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Boosting your visibility and funding by listening to the people you serve

People are paying more attention to how nonprofits listen to the people they serve. Leading foundations increasingly value nonprofits that have strong feedback practices. They want to support organizations that actively solicit—and act on—feedback. Information about how specific nonprofits gather and respond to feedback is also becoming more visible to individual donors every day. What does this emphasis on listening mean for your nonprofit?

What do we mean by feedback? How is it becoming more visible?

When you hear “feedback,” are you picturing employee feedback, performance reviews, donors giving feedback, or feedback from volunteers? While worthwhile, that’s not the kind of feedback we mean. Even when “feedback” goes by other names—constituent voice, client feedback, or community engagement—fundamentally, we’re talking about systematically listening to the people your organization serves.

According to Feedback Labs, “Research and the experiences of the hundreds of nonprofits and funders in our network have shown that listening—and most importantly responding—to feedback from the people you serve is a great way to improve outcomes and promote equity.” For example, Outreach Chicago, a member of the Feedback Labs network, recently wrote, “Organizations can make a much larger impact by taking seriously the day-to-day conversations from their clients. The answers to ‘how do we make this program better’ often lie not in a grant report but in the voices of the streets.”

Next, what do we mean when we say foundations want to know if you’re seeking feedback and that it’s increasingly visible? We mean that funders are paying deliberate attention to and investing in listening practices. For example, almost 800 philanthropy organizations signed the Council on Foundations’ Call to Action: Philanthropy’s Commitment during COVID-19 pledge, which specifically highlights “listening to our partners and especially to those communities least heard, lifting up their voices and experiences to inform public discourse and our own decision-making so we can act on their feedback.”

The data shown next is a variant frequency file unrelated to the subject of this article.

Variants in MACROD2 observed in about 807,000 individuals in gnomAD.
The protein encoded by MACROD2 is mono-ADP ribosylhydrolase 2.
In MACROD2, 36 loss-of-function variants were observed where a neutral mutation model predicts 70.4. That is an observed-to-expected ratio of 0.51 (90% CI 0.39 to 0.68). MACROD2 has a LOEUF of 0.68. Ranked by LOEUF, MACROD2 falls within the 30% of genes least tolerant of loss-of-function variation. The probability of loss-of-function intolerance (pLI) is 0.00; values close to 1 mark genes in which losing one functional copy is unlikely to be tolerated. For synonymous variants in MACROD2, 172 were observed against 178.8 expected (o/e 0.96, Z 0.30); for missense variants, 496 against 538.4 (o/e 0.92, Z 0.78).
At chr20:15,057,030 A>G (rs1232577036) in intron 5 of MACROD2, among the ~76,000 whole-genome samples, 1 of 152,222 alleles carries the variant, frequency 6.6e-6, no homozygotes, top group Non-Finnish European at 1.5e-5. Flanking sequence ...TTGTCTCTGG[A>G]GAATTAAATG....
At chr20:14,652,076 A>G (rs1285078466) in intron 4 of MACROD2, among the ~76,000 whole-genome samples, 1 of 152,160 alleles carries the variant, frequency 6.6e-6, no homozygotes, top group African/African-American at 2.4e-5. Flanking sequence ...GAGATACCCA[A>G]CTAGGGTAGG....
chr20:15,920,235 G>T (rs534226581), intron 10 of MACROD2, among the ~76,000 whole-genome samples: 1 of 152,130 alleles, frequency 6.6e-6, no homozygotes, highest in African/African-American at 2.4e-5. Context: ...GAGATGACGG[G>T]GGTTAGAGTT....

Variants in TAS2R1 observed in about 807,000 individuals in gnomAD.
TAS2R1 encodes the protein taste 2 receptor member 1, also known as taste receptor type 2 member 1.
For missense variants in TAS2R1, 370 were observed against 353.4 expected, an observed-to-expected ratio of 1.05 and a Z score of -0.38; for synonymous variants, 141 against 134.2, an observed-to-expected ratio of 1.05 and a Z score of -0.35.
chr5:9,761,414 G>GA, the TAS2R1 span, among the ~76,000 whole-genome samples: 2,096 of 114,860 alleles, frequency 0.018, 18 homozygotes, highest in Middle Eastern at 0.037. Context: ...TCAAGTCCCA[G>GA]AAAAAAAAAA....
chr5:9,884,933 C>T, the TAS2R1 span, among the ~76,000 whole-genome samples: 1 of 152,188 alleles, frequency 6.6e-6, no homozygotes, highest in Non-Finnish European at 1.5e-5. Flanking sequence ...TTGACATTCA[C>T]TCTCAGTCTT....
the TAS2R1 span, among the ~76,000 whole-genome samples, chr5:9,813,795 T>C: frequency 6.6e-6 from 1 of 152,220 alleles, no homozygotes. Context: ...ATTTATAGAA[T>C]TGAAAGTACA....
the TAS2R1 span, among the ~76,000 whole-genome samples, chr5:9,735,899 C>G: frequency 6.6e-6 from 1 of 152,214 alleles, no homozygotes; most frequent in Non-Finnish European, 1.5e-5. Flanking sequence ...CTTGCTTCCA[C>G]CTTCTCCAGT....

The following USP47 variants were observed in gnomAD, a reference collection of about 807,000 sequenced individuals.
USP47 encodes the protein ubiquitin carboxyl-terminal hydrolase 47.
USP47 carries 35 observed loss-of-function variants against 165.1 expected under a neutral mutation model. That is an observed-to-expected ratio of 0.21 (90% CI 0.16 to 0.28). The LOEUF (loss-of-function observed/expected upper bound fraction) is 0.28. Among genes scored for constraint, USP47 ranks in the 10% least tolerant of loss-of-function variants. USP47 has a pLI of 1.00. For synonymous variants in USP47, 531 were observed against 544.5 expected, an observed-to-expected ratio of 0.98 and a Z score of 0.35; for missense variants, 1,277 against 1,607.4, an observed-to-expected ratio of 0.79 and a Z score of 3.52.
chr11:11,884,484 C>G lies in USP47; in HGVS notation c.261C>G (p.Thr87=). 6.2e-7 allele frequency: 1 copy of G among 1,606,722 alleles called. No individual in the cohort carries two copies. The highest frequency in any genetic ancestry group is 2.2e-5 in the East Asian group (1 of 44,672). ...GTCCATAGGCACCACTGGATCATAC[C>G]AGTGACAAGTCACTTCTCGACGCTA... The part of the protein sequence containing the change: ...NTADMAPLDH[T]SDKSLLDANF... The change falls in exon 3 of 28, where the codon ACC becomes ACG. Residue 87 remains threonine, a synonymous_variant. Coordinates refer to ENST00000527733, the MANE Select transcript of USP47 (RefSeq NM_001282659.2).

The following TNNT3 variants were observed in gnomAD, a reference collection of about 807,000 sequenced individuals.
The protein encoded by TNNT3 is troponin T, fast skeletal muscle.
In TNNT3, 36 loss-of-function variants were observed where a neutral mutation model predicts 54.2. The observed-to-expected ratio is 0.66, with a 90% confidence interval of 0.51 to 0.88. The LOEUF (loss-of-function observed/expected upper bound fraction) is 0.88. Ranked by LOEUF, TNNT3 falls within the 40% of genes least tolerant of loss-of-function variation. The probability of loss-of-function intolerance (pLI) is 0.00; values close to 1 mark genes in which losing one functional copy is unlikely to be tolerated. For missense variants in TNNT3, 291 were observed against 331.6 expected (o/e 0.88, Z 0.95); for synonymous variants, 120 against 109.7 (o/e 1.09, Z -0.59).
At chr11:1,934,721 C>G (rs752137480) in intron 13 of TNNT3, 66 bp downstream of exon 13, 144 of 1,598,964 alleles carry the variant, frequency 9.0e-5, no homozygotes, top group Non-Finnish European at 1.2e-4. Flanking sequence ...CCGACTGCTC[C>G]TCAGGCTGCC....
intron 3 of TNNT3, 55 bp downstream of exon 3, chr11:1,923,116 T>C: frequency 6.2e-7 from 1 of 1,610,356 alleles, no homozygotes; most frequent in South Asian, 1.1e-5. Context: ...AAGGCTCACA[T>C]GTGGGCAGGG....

Even before the pandemic, investment in feedback practice was growing. For example, Fund for Shared Insight started as a group of 8 funders, including the Ford, Hewlett, Kellogg, and Packard Foundations, who came together in 2014 to make listening the expected norm in nonprofits and philanthropy. Shared Insight now includes 10 core funders and more than 100 additional funders and has invested more than $13 million since 2014 to help hundreds of nonprofits adopt high-quality feedback practices.

New feedback resources have become available, including the Listen4Good online capacity-building program and customized support from such organizations as Keystone Accountability and 60 Decibels.

Finally, information about your organization’s listening practices is becoming increasingly visible via the nonprofit profile on GuideStar and Charity Navigator’s new Encompass Rating System.

What does this mean for your nonprofit?

Many nonprofits already recognize the value of collecting feedback from the people they serve. Now more than 7,000 are “on the record” for doing so by explicitly sharing their practices on their GuideStar profiles. The profiles in turn are used by many funders and donors as they consider organizations to support.

Drawing upon GuideStar’s data, Charity Navigator will also underscore the importance of collecting feedback with the launch of Culture & Community, a component of the Encompass Rating System, which will ultimately evaluate several factors related to community connectedness and the health of an organization’s culture. This will mark a turning point for Charity Navigator, as the ratings organization seeks to guide donors to consider variables, like an organization’s listening practices, that extend beyond traditionally assessed financial metrics. Underlying this effort is Charity Navigator’s belief that an organization’s culture and commitment to fostering strong connections within its community, including program beneficiaries, staff, board, donors, volunteers, and other constituents, can play a key role in helping the organization succeed in its mission.

Encompass-rated organizations that collect feedback and share their practices by completing the How We Listen survey on GuideStar will receive full credit on the Constituent Feedback metric. Since this metric will serve to anchor the Culture & Community beacon initially, completing the survey will also result in a full score for this domain.

What can you do?

If you are already listening to the people you serve, there’s an easy way for you to share how: complete the How We Listen portion of your nonprofit profile on GuideStar. The section has recently been updated to include new questions about whom you serve, how listening promotes equity, and the quality of your feedback practice.

While you’re sharing, make sure your organization has earned a GuideStar 2021 Seal of Transparency so the information for funders and donors is as current as possible. (If you’re not familiar with the Seals, read this recent blog post to learn more.)

To learn more, you can also register for two upcoming webinars:

We look forward to hearing how you listen!

How We Listen was developed as a collaborative effort by Candid, Charity Navigator, GlobalGiving, Keystone Accountability, 60 Decibels, Bridges Fund Management, Development Gateway, Listen4Good/Fund for Shared Insight, Outsell Inc, Jessie Ball duPont Fund, and the BBB Wise Giving Alliance, with support from Feedback Labs.


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